We start the Top 7. You finish the Top 10.
We here at The Scorecard Review love every color in the rainbow, especially when those colors are in a movie title. With Bruce Willis, Morgan Freeman, John Malkovich and Helen Mirren starring in RED (yes, the title is ALL CAPS), which comes out October 15, it's the perfect time to release TSR's TOP 7 Movies with a Color in the Title. This is the first "color" film for Willis. Sure, he came close with Color of Night. But color isn't a color people, so it doesn't count. Unfortunately, neither does The Color of Money. I was never seduced by Juliette Binoche and the Three Colors trilogy (Blue, White, Red). I think we can all agree Eddie Murphy had an amazing decade in the 80s, but that doesn't mean Golden Child earned a place on this list. Even Tom Hanks (The Man with One Red Shoe) and Johnny Depp (Pirates of the Caribbean: The Curse of the Black Pearl) didn't make the list. Here's the best color has to offer ...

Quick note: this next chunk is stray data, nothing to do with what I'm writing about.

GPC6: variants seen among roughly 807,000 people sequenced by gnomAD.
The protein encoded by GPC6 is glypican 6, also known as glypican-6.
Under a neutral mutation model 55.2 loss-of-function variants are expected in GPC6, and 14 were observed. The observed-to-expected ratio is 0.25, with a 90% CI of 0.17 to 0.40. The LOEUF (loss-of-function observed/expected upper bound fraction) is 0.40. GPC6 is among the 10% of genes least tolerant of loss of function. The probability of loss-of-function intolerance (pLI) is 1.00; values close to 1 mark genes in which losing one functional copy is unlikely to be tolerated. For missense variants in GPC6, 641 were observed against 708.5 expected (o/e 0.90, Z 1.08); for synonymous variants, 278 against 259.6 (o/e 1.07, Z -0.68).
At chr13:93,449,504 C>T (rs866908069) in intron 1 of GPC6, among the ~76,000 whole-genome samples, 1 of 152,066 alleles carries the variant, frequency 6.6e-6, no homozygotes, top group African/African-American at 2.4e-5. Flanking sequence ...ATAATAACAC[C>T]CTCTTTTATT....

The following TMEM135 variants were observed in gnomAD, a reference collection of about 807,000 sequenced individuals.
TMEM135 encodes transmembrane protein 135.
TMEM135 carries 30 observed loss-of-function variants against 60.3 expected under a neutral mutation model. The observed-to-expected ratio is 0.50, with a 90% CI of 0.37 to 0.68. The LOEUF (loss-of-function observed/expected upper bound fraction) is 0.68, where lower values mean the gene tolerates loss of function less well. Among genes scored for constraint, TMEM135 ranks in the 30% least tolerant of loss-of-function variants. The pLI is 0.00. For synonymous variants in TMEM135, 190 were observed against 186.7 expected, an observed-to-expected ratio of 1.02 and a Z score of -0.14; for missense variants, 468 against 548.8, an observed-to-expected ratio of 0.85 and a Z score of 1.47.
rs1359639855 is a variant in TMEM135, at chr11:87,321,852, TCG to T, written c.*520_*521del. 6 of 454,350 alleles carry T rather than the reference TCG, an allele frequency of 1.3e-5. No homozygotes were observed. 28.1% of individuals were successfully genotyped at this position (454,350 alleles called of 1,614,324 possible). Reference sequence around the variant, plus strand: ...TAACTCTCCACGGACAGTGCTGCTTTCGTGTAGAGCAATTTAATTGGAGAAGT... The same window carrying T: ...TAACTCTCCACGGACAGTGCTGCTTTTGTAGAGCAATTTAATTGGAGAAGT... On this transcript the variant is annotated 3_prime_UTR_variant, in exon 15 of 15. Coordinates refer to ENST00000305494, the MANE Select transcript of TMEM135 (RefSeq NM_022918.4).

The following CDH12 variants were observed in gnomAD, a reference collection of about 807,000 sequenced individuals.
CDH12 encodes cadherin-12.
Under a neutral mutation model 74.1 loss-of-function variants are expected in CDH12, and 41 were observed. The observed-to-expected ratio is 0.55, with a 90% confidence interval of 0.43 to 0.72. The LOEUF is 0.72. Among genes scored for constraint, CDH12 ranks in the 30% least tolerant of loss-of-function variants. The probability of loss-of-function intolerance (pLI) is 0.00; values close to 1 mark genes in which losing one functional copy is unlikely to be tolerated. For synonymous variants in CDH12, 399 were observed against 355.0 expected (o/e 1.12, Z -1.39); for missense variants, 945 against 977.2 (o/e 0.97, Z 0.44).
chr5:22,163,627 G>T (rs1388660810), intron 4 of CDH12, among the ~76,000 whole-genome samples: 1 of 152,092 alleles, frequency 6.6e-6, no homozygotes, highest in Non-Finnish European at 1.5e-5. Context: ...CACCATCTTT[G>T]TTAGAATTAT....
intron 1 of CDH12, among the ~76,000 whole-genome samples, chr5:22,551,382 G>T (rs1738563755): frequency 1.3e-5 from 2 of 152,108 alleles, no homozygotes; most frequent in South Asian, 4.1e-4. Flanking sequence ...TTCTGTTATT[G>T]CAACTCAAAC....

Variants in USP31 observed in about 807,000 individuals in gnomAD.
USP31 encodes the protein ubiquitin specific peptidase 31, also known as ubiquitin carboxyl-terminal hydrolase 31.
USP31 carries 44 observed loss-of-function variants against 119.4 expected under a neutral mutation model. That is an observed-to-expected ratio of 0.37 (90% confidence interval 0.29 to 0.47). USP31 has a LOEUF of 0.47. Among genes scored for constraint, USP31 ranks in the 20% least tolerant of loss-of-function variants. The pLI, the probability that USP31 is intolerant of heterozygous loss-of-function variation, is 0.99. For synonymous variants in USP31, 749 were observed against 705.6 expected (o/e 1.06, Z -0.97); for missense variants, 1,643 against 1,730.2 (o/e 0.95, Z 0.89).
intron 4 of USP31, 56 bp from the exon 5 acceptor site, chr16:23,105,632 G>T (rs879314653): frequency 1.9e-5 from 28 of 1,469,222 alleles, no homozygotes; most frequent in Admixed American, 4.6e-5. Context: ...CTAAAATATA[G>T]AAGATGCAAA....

7. Pretty in Pink (1986)
Recap: Andie (Molly Ringwald) doesn't fit in high school. She's poor and while a nerd (Jon Cryer) is head-over-heels in love with her, she is starting to have feelings for a rich boy (Andrew McCarthy). Reason: Duckie stands at reason number one for why this movie made the TOP 7. His undying affection for Andie gives every little geek hope, especially when he is lip-syncing "Try A Little Tenderness." Ringwald and writer John Hughes are a huge reason we love 80s movies, but let's not forget about Steff's (James Spader) hair. Steff is a classic 80s asshole. One question though, Andie is not technically pretty in pink, right? I don't think it's her color.
6. Crimson Tide (1995)